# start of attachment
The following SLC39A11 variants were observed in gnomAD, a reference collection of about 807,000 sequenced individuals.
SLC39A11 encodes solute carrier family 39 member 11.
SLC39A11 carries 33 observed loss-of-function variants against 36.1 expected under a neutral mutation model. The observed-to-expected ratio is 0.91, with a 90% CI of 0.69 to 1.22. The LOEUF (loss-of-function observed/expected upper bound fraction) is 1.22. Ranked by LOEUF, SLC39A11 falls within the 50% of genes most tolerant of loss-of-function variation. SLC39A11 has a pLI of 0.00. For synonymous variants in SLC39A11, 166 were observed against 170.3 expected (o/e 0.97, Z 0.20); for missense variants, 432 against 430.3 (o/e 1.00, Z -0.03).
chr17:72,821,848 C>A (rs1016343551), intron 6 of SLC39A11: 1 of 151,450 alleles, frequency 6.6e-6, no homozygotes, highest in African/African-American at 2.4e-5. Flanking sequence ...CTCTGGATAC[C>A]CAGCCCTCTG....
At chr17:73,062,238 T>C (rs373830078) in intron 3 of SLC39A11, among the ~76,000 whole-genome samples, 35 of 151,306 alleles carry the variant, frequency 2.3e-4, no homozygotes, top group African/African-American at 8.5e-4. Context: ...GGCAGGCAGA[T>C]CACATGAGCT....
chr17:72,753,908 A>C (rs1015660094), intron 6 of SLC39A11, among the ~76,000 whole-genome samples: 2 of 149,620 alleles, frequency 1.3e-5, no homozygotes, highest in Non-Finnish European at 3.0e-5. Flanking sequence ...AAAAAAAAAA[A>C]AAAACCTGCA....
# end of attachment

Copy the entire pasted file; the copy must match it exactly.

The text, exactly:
The following SLC39A11 variants were observed in gnomAD, a reference collection of about 807,000 sequenced individuals.
SLC39A11 encodes solute carrier family 39 member 11.
SLC39A11 carries 33 observed loss-of-function variants against 36.1 expected under a neutral mutation model. The observed-to-expected ratio is 0.91, with a 90% CI of 0.69 to 1.22. The LOEUF (loss-of-function observed/expected upper bound fraction) is 1.22. Ranked by LOEUF, SLC39A11 falls within the 50% of genes most tolerant of loss-of-function variation. SLC39A11 has a pLI of 0.00. For synonymous variants in SLC39A11, 166 were observed against 170.3 expected (o/e 0.97, Z 0.20); for missense variants, 432 against 430.3 (o/e 1.00, Z -0.03).
chr17:72,821,848 C>A (rs1016343551), intron 6 of SLC39A11: 1 of 151,450 alleles, frequency 6.6e-6, no homozygotes, highest in African/African-American at 2.4e-5. Flanking sequence ...CTCTGGATAC[C>A]CAGCCCTCTG....
At chr17:73,062,238 T>C (rs373830078) in intron 3 of SLC39A11, among the ~76,000 whole-genome samples, 35 of 151,306 alleles carry the variant, frequency 2.3e-4, no homozygotes, top group African/African-American at 8.5e-4. Context: ...GGCAGGCAGA[T>C]CACATGAGCT....
chr17:72,753,908 A>C (rs1015660094), intron 6 of SLC39A11, among the ~76,000 whole-genome samples: 2 of 149,620 alleles, frequency 1.3e-5, no homozygotes, highest in Non-Finnish European at 3.0e-5. Flanking sequence ...AAAAAAAAAA[A>C]AAAACCTGCA....